You’ll also want adjustable speeds so you can set it at a comfortable pace.
Some other important factors to consider are the size. You should look for a track that’s long and wide enough for your dog, and make sure it can hold his weight.
Storage is another consideration. You might want a collapsible treadmill that’s easy to store and won’t take up a ton of space.
Best dog treadmills
Here are some of the best dog treadmills you can buy to keep your pup in shape.
Dr. Whittenburg recommends this dog treadmill. It folds, so you’ll be able to easily store it in your house, and it fits any size dog since it holds up to 179 pounds and has a large track. The treadmill has speeds from 0.5 to 7.5 mph, and you can adjust it in 0.1 mph increments based on your dog’s fitness needs.
This is the mini version of the dogPACER treadmill, and it’s perfect for small and medium-sized dogs (it can hold up to 55 pounds). The speed can be adjusted in 0.1 mph increments, and the built-in computer comes with multiple pre-set exercise programs for your pup. It’s also a bit smaller than the other treadmills, so it’ll take up less space in your home.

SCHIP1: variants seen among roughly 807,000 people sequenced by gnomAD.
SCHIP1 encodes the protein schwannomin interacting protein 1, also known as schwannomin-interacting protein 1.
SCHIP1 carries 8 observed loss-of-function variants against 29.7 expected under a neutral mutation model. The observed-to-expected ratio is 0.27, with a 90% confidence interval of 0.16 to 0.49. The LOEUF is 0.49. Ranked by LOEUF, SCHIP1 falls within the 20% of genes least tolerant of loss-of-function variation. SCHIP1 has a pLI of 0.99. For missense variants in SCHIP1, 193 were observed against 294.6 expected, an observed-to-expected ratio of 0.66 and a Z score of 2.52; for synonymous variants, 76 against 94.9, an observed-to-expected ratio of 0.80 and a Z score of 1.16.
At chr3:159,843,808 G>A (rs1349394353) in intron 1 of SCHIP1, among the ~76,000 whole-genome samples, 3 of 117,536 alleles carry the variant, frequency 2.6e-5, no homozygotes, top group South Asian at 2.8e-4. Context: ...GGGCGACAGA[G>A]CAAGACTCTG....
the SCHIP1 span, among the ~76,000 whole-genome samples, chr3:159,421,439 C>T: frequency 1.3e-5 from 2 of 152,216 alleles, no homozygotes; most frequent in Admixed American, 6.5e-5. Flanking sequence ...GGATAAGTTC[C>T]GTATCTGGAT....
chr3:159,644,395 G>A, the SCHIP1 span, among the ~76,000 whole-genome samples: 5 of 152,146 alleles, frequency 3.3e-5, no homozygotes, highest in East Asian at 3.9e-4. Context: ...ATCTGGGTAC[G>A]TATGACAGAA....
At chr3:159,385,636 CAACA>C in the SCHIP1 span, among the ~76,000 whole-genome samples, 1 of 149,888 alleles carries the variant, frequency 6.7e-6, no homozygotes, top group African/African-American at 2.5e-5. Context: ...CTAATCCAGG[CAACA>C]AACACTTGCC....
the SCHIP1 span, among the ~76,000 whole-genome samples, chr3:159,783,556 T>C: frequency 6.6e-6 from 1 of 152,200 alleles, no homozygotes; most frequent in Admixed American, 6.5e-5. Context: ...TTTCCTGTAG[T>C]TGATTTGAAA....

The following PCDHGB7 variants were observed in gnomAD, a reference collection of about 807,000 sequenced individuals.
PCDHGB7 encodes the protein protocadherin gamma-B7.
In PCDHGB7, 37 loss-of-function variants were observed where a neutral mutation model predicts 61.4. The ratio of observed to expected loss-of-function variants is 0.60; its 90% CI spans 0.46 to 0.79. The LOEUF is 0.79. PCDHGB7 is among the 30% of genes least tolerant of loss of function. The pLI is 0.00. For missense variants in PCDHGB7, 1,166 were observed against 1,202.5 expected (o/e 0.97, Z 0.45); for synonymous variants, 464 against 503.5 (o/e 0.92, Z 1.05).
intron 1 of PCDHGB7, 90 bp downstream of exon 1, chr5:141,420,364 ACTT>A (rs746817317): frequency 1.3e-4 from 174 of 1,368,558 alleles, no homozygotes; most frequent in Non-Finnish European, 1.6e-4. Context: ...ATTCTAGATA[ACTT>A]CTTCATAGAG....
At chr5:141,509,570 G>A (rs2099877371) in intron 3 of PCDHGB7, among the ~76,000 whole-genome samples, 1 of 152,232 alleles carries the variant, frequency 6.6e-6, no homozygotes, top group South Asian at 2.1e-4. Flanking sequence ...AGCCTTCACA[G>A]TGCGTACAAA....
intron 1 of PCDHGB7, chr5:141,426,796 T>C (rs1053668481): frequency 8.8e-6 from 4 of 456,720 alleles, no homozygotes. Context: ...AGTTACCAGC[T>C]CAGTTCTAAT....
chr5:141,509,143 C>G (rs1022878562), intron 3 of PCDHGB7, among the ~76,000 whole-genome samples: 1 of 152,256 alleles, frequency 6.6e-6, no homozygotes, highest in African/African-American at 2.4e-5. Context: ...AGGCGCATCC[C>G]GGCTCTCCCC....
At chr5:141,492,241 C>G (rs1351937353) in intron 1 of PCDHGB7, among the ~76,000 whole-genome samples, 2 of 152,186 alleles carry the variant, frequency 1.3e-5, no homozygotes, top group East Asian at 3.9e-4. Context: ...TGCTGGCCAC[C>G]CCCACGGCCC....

This treadmill has an LCD display to let you keep track of your dog’s progress, and it comes with a remote so you can easily control the speed. It’s made of iron, so it’s super sturdy to keep your dog safe. While the weight limit is 200 pounds, the dimensions are best for small- to medium-sized dogs.
This treadmill is powered by your dog and doesn’t need electricity, so he can set the pace himself. It has a cushioned surface and is mildew and UV resistant so you can use it outside, too. It holds dogs up to 150 pounds, and there’s one for small dogs up to 25 pounds.
Dog treadmill FAQs:
Can dogs walk on human treadmills?
It turns out that it can be safe to let your dog walk on a human treadmill, but there are some things you should consider before you do, like your dog’s size.
Human treadmills have short tracks, which may not be long enough for your dog, especially if he’s big.
“Humans only have two legs and, therefore, a shorter stride than our four-legged friends,” Dr. Whittenburg said. “Using a human treadmill that forces the dog to compress or shorten their stride can adversely affect the dog.”